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EBRD Pessimistic About Regional Growth

Despite improvements in the world's developed economies such as the U.S. and Europe, regional growth is expected to be slow this year, especially for emerging markets, according to a report released Tuesday by the European Bank for Reconstruction and Development, or EBRD.

EBRD analysts said emerging economies were still suffering from capital outflows that are likely to continue in light of the expected gradual tightening of monetary policy in the U.S.

"There are increasingly positive signs in the world economy, especially in the most advanced countries. But the EBRD's own region is not yet out of the woods and still faces many challenges," said EBRD chief economist Erik Berglof.

The bank's operations stretch from central Europe to central Asia and cover southern and eastern Mediterranean states.

Growth in Russia will only partially recover in 2014, going up to 2.5 percent from 1.3 percent last year, the report said. Historically, growth has been fueled by commodity prices but now they are no longer providing support and are also limiting possibilities for adjusting fiscal policy, the research concluded.

For Russia, structural reforms and improvements in the overall business environment are needed to boost investment and lift the country's growth above 2.5 per cent a year, the report said.

Sberbank analysts were even less optimistic at the Gaidar economic forum which was held in Moscow earlier this month. Yuliya Tsepelyaeva, the head of the center for macroeconomic research at the lender, said that growth is likely to be limited to 2.3 percent but without government action growth of even 2 percent would be optimistic.

At the same forum, Angel Gurria, the head of the Organization for Economic Cooperation and Development, said that the challenges Russia faces are the same as they were in previous years — corruption and dependency on commodity prices.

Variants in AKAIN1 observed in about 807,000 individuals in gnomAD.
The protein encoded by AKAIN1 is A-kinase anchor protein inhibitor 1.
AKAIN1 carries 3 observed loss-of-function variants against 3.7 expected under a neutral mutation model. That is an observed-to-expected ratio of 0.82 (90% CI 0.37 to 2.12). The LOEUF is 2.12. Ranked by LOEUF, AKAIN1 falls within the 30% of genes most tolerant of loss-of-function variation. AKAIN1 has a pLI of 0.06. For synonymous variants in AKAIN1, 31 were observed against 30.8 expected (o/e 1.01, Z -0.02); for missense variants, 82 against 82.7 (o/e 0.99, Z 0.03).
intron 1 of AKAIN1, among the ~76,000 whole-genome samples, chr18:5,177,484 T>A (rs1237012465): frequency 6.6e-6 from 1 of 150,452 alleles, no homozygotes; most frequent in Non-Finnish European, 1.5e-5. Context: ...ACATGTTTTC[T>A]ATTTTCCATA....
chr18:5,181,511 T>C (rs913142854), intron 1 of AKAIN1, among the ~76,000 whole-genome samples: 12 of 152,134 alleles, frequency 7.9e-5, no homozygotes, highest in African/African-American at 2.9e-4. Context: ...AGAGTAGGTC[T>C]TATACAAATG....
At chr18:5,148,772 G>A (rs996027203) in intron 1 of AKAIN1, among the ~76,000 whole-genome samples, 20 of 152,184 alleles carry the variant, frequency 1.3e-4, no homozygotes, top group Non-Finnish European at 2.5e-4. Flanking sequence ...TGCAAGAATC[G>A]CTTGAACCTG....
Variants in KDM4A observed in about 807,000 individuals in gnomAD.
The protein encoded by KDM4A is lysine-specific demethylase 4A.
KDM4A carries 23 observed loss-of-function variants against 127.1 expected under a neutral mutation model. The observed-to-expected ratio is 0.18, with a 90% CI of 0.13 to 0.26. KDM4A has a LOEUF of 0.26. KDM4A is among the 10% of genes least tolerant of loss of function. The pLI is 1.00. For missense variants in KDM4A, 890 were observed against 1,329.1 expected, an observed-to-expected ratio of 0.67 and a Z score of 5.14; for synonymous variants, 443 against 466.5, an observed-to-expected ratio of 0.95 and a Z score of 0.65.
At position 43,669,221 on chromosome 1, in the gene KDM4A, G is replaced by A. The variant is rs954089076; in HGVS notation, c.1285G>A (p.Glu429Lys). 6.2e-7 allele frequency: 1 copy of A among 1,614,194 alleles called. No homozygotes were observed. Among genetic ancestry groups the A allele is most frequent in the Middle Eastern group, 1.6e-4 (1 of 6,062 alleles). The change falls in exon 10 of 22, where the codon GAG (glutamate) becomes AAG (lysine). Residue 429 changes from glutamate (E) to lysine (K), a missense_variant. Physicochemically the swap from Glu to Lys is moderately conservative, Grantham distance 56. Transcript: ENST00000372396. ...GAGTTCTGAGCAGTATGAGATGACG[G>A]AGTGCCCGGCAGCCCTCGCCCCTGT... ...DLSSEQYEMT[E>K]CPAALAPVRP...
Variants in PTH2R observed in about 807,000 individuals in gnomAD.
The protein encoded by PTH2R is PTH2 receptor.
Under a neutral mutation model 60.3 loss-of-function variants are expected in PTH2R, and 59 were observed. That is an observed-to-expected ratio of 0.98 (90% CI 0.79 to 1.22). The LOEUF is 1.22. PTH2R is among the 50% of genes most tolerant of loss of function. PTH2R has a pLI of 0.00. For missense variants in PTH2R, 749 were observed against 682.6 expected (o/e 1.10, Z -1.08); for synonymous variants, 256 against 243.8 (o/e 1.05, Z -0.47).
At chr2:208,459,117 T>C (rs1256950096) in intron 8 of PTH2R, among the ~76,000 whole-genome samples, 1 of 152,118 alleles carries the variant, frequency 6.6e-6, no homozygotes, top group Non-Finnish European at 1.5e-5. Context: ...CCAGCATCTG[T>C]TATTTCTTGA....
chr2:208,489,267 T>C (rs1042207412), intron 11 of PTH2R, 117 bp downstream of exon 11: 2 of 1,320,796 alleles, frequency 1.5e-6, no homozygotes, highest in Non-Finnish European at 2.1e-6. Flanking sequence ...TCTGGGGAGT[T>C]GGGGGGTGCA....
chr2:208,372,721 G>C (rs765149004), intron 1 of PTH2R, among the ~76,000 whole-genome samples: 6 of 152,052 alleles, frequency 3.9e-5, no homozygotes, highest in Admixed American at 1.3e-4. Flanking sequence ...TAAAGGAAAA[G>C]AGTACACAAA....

In particular, the high level of corruption limits the growth of small and medium-sized business, which is the locomotive for economic development in other countries.

Only one out of 50 Russians claim to see an opportunity to open their own business, while in Europe every fourth citizen has high hopes for that, Gurria said.

Top state officials agree. First Deputy Prime Minister Igor Shuvalov said earlier this year that the government will fight overspending, use resources wisely and concentrate on developing institutions.

By institutions he meant education, healthcare and infrastructure, the quality of which Russians are dissatisfied with despite high levels of government investment in these areas.

The European Bank for Reconstruction and Development is providing a long-term loan of 500 million roubles ($15 million) to the leasing arm of Rosbank, the Russian banking group majority owned by France's Societe Generale, according to a statement from the EBRD on Tuesday.

A five-year EBRD loan will allow Rosbank Leasing to offer local currency funding to the small and medium-sized enterprises which traditionally rely on this type of financing to acquire equipment and means of transport. In 2012, SME's accounted for 21 percent of the Russian leasing sector's business, the statement said. The share of leasing in Russia's GDP has now reached 4.3 percent.

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